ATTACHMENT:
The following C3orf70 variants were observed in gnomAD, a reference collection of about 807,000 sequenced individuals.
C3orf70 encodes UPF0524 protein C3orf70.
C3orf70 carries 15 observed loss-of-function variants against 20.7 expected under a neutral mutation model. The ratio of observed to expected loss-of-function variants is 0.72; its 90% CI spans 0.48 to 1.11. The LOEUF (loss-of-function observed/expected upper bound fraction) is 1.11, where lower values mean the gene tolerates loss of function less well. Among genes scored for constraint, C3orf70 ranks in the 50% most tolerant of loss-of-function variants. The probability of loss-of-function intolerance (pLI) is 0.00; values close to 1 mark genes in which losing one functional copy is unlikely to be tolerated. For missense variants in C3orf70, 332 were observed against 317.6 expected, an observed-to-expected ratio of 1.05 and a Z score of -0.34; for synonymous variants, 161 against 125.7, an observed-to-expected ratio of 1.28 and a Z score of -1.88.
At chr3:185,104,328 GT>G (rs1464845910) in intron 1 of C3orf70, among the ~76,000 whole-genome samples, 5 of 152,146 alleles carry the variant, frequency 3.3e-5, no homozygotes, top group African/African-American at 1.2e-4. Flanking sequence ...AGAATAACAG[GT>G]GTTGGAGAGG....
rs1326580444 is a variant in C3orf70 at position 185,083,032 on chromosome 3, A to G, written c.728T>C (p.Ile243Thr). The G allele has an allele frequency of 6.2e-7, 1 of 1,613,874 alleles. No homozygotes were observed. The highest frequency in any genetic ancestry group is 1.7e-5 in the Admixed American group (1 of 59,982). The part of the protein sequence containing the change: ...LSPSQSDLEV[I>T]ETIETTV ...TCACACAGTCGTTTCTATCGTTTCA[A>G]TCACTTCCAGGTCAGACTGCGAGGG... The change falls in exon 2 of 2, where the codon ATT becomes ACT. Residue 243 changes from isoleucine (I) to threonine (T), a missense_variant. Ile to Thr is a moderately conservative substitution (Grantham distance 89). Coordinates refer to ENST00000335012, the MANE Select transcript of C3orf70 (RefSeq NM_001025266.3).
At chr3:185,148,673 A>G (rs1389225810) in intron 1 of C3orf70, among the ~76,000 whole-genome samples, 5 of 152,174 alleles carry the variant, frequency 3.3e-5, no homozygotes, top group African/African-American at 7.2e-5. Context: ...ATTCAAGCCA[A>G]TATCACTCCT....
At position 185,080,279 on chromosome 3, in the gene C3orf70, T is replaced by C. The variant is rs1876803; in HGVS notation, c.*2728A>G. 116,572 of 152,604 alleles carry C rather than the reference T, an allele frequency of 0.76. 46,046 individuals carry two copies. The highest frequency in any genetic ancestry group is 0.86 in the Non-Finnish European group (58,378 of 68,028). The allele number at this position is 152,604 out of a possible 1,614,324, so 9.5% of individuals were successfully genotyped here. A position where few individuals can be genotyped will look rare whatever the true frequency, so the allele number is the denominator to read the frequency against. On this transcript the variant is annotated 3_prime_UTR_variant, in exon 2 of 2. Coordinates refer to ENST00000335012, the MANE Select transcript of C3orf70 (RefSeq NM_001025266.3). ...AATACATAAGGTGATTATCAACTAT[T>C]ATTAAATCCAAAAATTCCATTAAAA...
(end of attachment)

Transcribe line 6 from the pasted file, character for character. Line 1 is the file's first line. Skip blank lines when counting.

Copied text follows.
At chr3:185,148,673 A>G (rs1389225810) in intron 1 of C3orf70, among the ~76,000 whole-genome samples, 5 of 152,174 alleles carry the variant, frequency 3.3e-5, no homozygotes, top group African/African-American at 7.2e-5. Context: ...ATTCAAGCCA[A>G]TATCACTCCT....